I want to share what I consider a treasured reminder of the humanity within the sometimes gruelling practice of medicine.
A few years ago, I was part of a team in Africa that developed an open-source system that notifies doctors of critical lab results within their hospitals. We developed this system to support bi-directional group based and closed loop communication. This work leapfrogs the system that we had been using in one of the best hospitals in the US. When I returned, I wondered why we still used the system we had. With some wonderful mentors, we studied this in our article - “Why do we still page each other?”.
In doing this work, I also ended up doing a word frequency analysis of the messages from all of the pages that had taken place in my hospital over a month, and was very surprised and touched when it showed this.
As one of the clinicians on the receiving end of these pages, I would never have guessed this. It showed me how human the communication was even when its main purpose is supposed to be critical results and action. It moved me so much that I have it printed on a canvas on my wall and inspired me to write the poem below. During this dark time of COVID, while society is suffering and healthcare workers are continually called on during crisis, this image and the resulting poem help to ground me in the deep humanity of what we do. I hope they are of some comfort to you too.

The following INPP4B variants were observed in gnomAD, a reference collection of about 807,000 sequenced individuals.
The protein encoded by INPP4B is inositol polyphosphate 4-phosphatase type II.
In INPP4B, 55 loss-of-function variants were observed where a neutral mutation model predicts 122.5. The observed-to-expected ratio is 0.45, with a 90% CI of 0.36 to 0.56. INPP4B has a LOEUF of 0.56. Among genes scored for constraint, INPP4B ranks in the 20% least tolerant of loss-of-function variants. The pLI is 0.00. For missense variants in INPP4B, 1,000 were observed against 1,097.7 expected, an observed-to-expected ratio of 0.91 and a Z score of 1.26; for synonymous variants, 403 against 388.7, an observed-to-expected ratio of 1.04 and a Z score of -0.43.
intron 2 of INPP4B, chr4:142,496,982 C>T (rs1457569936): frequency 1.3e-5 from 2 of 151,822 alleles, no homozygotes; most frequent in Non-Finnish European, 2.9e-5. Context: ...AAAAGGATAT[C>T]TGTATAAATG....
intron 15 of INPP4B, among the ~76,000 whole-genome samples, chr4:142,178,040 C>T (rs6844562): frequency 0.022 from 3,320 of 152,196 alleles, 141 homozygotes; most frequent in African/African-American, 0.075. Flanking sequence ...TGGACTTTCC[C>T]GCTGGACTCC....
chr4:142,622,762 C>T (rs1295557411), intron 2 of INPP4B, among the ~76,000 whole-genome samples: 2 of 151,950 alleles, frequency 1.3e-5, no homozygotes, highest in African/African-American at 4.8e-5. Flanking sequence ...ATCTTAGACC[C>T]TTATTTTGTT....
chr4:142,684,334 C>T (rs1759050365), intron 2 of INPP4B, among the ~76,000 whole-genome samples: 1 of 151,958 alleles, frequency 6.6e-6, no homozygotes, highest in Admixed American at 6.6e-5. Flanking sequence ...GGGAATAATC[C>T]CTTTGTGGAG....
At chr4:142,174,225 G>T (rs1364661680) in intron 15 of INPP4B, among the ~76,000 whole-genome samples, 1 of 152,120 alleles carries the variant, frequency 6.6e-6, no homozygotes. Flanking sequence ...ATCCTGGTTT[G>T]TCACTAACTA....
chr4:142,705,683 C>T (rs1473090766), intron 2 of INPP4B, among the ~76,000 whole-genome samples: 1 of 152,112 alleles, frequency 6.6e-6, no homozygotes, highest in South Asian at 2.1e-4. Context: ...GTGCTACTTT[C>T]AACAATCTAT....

Poem inspired by the word frequency analysis:
(“In Hospital, On Page” - is how you indicate you are signed into your pager in the hospital in which I work.)
Tethered by this relic of technology, on my belt. And yet it matters. It is the essence of my role - making urgent clinical decisions. Being always reachable. "In hospital, on page." I do not remember it ever saying please. It is so limited and sometimes it crushes me with its urgent shriek, its death rattle. It calls me - from education, from eating, from sleep. And yet it matters. It cries with the same urgency. For colace or codes. All interleaved. I do not remember it ever saying thanks. It is always an interruption. Over time all I remember are codes, and labs and critical pages. And its lack of understanding - of my time and my life. And yet it matters. What matters Is that I am there - for my patients, for my team. Reliable. Connected. And surprisingly, It is full of humanity.